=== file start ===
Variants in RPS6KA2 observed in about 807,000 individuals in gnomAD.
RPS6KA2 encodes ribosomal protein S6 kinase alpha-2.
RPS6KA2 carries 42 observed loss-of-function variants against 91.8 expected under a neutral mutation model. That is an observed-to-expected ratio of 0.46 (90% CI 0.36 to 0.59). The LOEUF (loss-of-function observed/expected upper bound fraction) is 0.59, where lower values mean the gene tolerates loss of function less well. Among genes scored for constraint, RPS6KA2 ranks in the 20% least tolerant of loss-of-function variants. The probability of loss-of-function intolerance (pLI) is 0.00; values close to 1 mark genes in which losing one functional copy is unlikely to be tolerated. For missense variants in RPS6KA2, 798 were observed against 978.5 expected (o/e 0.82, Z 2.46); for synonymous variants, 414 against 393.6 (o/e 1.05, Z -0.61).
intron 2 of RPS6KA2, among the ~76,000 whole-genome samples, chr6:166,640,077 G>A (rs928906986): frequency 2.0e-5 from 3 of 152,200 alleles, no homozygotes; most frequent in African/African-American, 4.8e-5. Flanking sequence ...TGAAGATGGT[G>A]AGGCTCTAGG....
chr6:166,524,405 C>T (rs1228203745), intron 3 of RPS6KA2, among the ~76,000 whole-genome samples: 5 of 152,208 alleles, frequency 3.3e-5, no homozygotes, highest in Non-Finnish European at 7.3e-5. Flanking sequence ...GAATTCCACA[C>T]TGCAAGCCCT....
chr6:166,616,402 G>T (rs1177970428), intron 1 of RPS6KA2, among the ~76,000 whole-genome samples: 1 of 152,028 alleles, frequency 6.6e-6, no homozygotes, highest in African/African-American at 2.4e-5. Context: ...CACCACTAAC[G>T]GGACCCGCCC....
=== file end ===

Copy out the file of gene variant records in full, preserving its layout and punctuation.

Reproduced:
Variants in RPS6KA2 observed in about 807,000 individuals in gnomAD.
RPS6KA2 encodes ribosomal protein S6 kinase alpha-2.
RPS6KA2 carries 42 observed loss-of-function variants against 91.8 expected under a neutral mutation model. That is an observed-to-expected ratio of 0.46 (90% CI 0.36 to 0.59). The LOEUF (loss-of-function observed/expected upper bound fraction) is 0.59, where lower values mean the gene tolerates loss of function less well. Among genes scored for constraint, RPS6KA2 ranks in the 20% least tolerant of loss-of-function variants. The probability of loss-of-function intolerance (pLI) is 0.00; values close to 1 mark genes in which losing one functional copy is unlikely to be tolerated. For missense variants in RPS6KA2, 798 were observed against 978.5 expected (o/e 0.82, Z 2.46); for synonymous variants, 414 against 393.6 (o/e 1.05, Z -0.61).
intron 2 of RPS6KA2, among the ~76,000 whole-genome samples, chr6:166,640,077 G>A (rs928906986): frequency 2.0e-5 from 3 of 152,200 alleles, no homozygotes; most frequent in African/African-American, 4.8e-5. Flanking sequence ...TGAAGATGGT[G>A]AGGCTCTAGG....
chr6:166,524,405 C>T (rs1228203745), intron 3 of RPS6KA2, among the ~76,000 whole-genome samples: 5 of 152,208 alleles, frequency 3.3e-5, no homozygotes, highest in Non-Finnish European at 7.3e-5. Flanking sequence ...GAATTCCACA[C>T]TGCAAGCCCT....
chr6:166,616,402 G>T (rs1177970428), intron 1 of RPS6KA2, among the ~76,000 whole-genome samples: 1 of 152,028 alleles, frequency 6.6e-6, no homozygotes, highest in African/African-American at 2.4e-5. Context: ...CACCACTAAC[G>T]GGACCCGCCC....